I’m not a fan of political correctness generally. I’m a fan of attempting to be a decent person, or as decent as one can be… and when one is not decent, to be the kind of person that owns up to that indecency by saying the indecency was wrong. Not inappropriate. Not politically incorrect. Just plain wrong.

The terms ‘political correctness’ and ‘appropriate behaviour’ suggest a sign of the times… the perception of a complicated era wherein complicated things need to be memorized. As if we should all make a list of Things To Say and Do in Various Situations and in the Presence of Certain People These Days, rather than acquiring the quality of giving a rat’s ass about people, generally.

It’s the difference between doing what’s decent versus doing what makes you appear to be decent.

I heard someone recently whinging about how things “used to be simpler’, that it “used to be okay” to say certain things, to raise a fist and make a joke about knocking a woman into next week… it’s a joke! Can’t you take a joke? It used to be okay to say these things. God. How is anybody supposed to know what’s appropriate anymore??

Here’s what’s getting lost in that argument… it was never appropriate.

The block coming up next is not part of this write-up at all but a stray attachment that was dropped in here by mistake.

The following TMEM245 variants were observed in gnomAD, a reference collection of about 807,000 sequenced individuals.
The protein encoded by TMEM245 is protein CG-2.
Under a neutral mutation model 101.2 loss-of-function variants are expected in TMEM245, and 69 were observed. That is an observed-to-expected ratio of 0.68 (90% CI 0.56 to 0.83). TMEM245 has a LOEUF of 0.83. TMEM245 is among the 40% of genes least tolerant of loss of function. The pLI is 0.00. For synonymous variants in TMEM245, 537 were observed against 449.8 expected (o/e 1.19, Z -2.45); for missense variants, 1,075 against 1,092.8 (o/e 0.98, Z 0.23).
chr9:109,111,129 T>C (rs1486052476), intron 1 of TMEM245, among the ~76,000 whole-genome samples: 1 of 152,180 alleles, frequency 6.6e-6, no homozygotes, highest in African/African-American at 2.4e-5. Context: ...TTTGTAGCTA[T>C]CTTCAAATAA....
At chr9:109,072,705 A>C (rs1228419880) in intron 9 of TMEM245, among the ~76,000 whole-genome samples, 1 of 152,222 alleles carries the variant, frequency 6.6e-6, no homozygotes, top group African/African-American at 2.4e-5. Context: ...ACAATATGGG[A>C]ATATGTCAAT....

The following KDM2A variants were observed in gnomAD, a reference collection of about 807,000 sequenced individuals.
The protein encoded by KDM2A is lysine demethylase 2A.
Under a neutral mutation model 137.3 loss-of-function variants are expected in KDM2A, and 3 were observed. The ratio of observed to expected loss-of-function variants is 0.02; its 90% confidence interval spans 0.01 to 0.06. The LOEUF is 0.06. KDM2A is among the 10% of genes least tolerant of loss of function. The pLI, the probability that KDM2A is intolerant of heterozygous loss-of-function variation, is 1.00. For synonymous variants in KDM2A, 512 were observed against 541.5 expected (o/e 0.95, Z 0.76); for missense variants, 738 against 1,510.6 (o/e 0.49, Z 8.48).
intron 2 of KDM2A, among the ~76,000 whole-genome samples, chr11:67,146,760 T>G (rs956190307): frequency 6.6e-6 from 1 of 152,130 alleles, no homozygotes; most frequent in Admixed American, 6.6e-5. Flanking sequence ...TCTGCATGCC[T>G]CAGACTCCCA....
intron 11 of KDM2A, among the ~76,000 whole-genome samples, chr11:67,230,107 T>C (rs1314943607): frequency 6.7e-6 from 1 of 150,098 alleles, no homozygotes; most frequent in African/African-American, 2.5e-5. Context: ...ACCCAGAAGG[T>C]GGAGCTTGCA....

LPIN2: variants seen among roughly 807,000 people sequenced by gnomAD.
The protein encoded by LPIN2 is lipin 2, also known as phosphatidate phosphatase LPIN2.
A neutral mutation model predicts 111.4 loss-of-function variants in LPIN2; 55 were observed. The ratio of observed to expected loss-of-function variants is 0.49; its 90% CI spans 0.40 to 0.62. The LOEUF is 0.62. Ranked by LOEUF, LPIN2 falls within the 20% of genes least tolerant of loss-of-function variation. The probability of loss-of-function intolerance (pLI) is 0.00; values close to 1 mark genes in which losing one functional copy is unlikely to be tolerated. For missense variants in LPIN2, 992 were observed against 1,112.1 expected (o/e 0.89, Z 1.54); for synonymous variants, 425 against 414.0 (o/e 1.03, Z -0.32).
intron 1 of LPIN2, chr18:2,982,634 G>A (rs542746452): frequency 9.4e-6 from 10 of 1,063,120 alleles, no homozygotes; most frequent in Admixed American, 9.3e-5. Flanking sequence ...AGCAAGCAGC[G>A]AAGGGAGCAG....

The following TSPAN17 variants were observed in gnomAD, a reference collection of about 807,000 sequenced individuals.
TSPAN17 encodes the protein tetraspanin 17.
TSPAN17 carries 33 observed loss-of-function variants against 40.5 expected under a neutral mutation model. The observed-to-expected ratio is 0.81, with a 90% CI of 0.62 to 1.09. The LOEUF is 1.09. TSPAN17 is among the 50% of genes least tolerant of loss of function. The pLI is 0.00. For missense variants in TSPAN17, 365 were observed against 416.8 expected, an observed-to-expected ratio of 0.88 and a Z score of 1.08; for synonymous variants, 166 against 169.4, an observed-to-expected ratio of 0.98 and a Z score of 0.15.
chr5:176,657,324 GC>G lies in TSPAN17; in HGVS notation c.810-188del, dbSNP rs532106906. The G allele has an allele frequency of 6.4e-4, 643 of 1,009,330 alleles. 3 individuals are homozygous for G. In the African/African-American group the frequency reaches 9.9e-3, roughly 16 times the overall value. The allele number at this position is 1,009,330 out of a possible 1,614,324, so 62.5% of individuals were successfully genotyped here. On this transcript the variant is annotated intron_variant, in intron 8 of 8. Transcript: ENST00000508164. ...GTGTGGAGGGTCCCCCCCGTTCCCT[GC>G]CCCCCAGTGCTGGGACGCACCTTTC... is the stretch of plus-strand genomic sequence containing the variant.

Not in the good old days  when Jackie Gleason did it, not when Ricky Ricardo put Lucy over his knee because she blew the housekeeping budget. Not any time before or since or in the future has it ever or will it ever be okay to disrespect anyone or put your rights above theirs.

Still, it seems there are a few confused souls among us, so here’s a couple of pointers that I hope will help.

♦  If it comes up that you sent emails to someone threatening their job security unless they _________ [fill in the blank], and nobody wants to hang out with you anymore, do not grumble how times have changed. Because that suggests the problem is the times, not you. Be accurate, say that you are an ass, that you have no consideration for others and especially do not value or respect the people to whom you’ve written the emails.

♦  Stop hiding behind variations on the word appropriate.

♦  And spare me the scripted apologies designed to get you out of sticky wickets rather than taking the three minutes necessary to actually consider your actions.

♦  Consider the fact that women are people (they have been since 1929).

♦  Consider that anyone, regardless of gender, might appreciate (instead of platitudes and political correctness) the sense that their feelings matter and to not have to constantly explain what those feelings are and why they matter, not to mention worry about your feelings in the process.

Here’s an example:

You step on someone’s toe . They say ouch.

You can—